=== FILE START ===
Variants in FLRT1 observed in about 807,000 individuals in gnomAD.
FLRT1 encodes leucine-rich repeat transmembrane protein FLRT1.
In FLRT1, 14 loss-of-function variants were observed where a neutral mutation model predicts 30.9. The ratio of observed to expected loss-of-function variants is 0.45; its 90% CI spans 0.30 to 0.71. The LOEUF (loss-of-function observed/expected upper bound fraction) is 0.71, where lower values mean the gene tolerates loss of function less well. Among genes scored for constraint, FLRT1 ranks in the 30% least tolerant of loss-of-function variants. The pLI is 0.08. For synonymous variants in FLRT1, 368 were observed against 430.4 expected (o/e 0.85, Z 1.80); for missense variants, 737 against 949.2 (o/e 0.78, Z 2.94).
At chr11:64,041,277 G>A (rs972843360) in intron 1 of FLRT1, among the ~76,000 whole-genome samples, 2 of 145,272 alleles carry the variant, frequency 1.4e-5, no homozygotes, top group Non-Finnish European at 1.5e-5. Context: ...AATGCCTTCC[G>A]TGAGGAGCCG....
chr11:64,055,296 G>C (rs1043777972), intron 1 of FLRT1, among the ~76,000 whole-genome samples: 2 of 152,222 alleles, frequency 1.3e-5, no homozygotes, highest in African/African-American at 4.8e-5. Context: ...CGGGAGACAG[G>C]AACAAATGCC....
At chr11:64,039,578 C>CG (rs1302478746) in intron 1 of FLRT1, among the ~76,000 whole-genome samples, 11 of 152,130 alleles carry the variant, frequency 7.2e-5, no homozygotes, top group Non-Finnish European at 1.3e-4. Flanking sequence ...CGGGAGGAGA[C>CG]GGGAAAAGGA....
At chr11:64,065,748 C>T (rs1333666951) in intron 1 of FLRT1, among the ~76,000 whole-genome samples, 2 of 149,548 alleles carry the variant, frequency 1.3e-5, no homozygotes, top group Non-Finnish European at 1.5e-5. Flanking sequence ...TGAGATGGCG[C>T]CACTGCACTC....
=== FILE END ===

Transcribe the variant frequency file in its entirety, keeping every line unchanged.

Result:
Variants in FLRT1 observed in about 807,000 individuals in gnomAD.
FLRT1 encodes leucine-rich repeat transmembrane protein FLRT1.
In FLRT1, 14 loss-of-function variants were observed where a neutral mutation model predicts 30.9. The ratio of observed to expected loss-of-function variants is 0.45; its 90% CI spans 0.30 to 0.71. The LOEUF (loss-of-function observed/expected upper bound fraction) is 0.71, where lower values mean the gene tolerates loss of function less well. Among genes scored for constraint, FLRT1 ranks in the 30% least tolerant of loss-of-function variants. The pLI is 0.08. For synonymous variants in FLRT1, 368 were observed against 430.4 expected (o/e 0.85, Z 1.80); for missense variants, 737 against 949.2 (o/e 0.78, Z 2.94).
At chr11:64,041,277 G>A (rs972843360) in intron 1 of FLRT1, among the ~76,000 whole-genome samples, 2 of 145,272 alleles carry the variant, frequency 1.4e-5, no homozygotes, top group Non-Finnish European at 1.5e-5. Context: ...AATGCCTTCC[G>A]TGAGGAGCCG....
chr11:64,055,296 G>C (rs1043777972), intron 1 of FLRT1, among the ~76,000 whole-genome samples: 2 of 152,222 alleles, frequency 1.3e-5, no homozygotes, highest in African/African-American at 4.8e-5. Context: ...CGGGAGACAG[G>C]AACAAATGCC....
At chr11:64,039,578 C>CG (rs1302478746) in intron 1 of FLRT1, among the ~76,000 whole-genome samples, 11 of 152,130 alleles carry the variant, frequency 7.2e-5, no homozygotes, top group Non-Finnish European at 1.3e-4. Flanking sequence ...CGGGAGGAGA[C>CG]GGGAAAAGGA....
At chr11:64,065,748 C>T (rs1333666951) in intron 1 of FLRT1, among the ~76,000 whole-genome samples, 2 of 149,548 alleles carry the variant, frequency 1.3e-5, no homozygotes, top group Non-Finnish European at 1.5e-5. Flanking sequence ...TGAGATGGCG[C>T]CACTGCACTC....